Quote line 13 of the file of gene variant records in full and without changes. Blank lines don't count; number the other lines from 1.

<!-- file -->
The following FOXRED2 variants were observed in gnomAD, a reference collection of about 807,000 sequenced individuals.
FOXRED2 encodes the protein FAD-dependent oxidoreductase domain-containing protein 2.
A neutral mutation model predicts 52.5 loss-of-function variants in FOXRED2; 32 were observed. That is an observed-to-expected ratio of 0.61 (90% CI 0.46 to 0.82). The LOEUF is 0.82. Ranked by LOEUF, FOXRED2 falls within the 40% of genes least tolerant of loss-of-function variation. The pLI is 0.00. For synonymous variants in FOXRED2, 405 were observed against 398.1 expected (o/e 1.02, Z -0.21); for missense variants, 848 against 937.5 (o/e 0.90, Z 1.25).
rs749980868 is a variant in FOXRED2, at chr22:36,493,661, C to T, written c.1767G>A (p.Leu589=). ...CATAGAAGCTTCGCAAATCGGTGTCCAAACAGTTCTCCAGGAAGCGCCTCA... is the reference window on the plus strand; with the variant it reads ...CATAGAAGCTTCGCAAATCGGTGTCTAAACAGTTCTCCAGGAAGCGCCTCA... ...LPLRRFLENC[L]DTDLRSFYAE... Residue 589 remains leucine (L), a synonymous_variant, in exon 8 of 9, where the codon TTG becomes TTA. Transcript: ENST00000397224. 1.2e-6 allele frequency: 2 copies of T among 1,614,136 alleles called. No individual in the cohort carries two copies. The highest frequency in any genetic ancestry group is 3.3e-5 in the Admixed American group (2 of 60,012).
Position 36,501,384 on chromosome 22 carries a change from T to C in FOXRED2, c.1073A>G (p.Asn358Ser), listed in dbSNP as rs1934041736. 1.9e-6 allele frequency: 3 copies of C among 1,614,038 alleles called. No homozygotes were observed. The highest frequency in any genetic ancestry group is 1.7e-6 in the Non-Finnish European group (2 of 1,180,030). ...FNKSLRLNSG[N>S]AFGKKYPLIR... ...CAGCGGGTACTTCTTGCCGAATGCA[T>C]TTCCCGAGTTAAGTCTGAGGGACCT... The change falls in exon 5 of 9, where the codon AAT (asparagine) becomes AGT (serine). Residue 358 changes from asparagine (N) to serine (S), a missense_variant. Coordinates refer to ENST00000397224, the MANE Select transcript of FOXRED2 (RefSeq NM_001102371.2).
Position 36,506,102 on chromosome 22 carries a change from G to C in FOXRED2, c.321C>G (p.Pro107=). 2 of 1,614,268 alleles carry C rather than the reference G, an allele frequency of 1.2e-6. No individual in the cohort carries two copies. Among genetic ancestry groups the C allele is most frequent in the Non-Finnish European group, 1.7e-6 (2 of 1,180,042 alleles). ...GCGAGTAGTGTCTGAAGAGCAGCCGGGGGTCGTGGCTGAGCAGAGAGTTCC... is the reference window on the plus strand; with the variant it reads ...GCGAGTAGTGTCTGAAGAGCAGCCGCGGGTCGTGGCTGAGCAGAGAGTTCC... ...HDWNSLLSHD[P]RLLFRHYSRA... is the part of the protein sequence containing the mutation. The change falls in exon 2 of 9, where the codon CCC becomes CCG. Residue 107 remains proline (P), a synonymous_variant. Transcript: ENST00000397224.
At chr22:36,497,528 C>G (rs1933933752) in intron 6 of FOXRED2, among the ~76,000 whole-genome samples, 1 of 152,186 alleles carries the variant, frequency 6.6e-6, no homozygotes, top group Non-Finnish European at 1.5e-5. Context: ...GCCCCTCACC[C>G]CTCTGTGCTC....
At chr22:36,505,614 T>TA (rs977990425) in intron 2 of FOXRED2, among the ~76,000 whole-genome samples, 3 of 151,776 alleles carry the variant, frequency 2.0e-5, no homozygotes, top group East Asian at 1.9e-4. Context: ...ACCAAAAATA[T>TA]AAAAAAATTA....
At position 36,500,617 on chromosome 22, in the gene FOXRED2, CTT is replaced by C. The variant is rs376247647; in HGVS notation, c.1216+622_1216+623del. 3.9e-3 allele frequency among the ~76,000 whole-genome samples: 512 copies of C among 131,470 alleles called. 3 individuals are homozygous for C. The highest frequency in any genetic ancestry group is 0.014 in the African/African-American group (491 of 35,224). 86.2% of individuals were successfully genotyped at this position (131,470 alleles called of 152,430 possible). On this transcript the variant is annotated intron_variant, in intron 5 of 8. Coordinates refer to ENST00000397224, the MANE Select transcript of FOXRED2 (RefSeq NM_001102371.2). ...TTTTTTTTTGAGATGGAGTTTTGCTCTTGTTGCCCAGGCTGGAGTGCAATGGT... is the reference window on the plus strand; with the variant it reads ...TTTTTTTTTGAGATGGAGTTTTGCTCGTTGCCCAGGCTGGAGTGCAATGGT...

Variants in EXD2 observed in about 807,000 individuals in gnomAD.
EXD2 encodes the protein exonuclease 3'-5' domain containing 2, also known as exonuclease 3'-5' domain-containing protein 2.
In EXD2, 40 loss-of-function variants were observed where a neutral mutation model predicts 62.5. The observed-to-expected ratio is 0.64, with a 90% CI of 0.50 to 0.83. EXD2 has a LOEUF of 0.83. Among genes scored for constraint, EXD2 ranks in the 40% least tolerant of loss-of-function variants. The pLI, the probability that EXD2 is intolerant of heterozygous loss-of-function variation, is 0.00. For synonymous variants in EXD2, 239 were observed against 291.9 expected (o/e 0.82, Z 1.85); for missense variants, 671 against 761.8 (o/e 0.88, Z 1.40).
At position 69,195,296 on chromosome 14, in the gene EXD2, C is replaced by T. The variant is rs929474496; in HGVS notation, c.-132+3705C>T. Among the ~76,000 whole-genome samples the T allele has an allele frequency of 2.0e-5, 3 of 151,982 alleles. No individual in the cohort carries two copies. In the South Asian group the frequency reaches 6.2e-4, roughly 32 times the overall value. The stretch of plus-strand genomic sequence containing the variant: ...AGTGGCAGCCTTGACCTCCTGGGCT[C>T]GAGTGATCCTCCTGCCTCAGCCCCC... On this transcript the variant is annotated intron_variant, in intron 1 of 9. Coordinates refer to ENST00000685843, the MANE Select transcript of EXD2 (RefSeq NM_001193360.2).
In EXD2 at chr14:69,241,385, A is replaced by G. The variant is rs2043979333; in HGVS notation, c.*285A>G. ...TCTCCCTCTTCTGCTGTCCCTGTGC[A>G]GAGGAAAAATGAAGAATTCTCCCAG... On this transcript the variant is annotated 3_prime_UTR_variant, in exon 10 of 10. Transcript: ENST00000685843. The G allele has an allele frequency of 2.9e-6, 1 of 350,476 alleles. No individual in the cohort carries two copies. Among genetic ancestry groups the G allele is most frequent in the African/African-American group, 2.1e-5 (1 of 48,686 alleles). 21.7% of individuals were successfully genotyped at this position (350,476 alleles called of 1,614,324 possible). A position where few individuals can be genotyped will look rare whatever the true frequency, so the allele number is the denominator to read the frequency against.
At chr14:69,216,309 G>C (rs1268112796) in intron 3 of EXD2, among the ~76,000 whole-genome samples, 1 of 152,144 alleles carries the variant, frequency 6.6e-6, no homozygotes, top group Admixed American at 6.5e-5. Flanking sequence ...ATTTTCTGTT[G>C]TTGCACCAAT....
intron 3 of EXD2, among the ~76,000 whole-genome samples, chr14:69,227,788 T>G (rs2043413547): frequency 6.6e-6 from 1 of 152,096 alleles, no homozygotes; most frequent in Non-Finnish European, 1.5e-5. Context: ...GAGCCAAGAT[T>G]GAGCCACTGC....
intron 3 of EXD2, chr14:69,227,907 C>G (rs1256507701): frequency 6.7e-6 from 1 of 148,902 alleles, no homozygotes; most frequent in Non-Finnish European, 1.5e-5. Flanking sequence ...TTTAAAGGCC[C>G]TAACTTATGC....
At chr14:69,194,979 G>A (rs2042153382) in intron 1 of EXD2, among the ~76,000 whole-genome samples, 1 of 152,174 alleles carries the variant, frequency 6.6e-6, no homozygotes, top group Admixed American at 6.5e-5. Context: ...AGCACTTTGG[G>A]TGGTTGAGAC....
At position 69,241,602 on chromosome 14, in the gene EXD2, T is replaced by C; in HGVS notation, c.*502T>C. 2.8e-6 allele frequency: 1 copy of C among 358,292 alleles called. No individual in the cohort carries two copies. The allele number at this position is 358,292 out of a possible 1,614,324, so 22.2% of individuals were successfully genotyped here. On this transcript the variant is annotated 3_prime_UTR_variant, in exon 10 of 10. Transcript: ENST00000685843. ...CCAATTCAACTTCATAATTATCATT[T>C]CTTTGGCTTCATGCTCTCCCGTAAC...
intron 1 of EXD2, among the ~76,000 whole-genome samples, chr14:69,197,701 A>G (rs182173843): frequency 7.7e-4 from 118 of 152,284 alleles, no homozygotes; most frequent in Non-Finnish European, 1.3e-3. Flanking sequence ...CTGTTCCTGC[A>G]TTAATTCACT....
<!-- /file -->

At position 69,195,296 on chromosome 14, in the gene EXD2, C is replaced by T. The variant is rs929474496; in HGVS notation, c.-132+3705C>T. Among the ~76,000 whole-genome samples the T allele has an allele frequency of 2.0e-5, 3 of 151,982 alleles. No individual in the cohort carries two copies. In the South Asian group the frequency reaches 6.2e-4, roughly 32 times the overall value. The stretch of plus-strand genomic sequence containing the variant: ...AGTGGCAGCCTTGACCTCCTGGGCT[C>T]GAGTGATCCTCCTGCCTCAGCCCCC... On this transcript the variant is annotated intron_variant, in intron 1 of 9. Coordinates refer to ENST00000685843, the MANE Select transcript of EXD2 (RefSeq NM_001193360.2).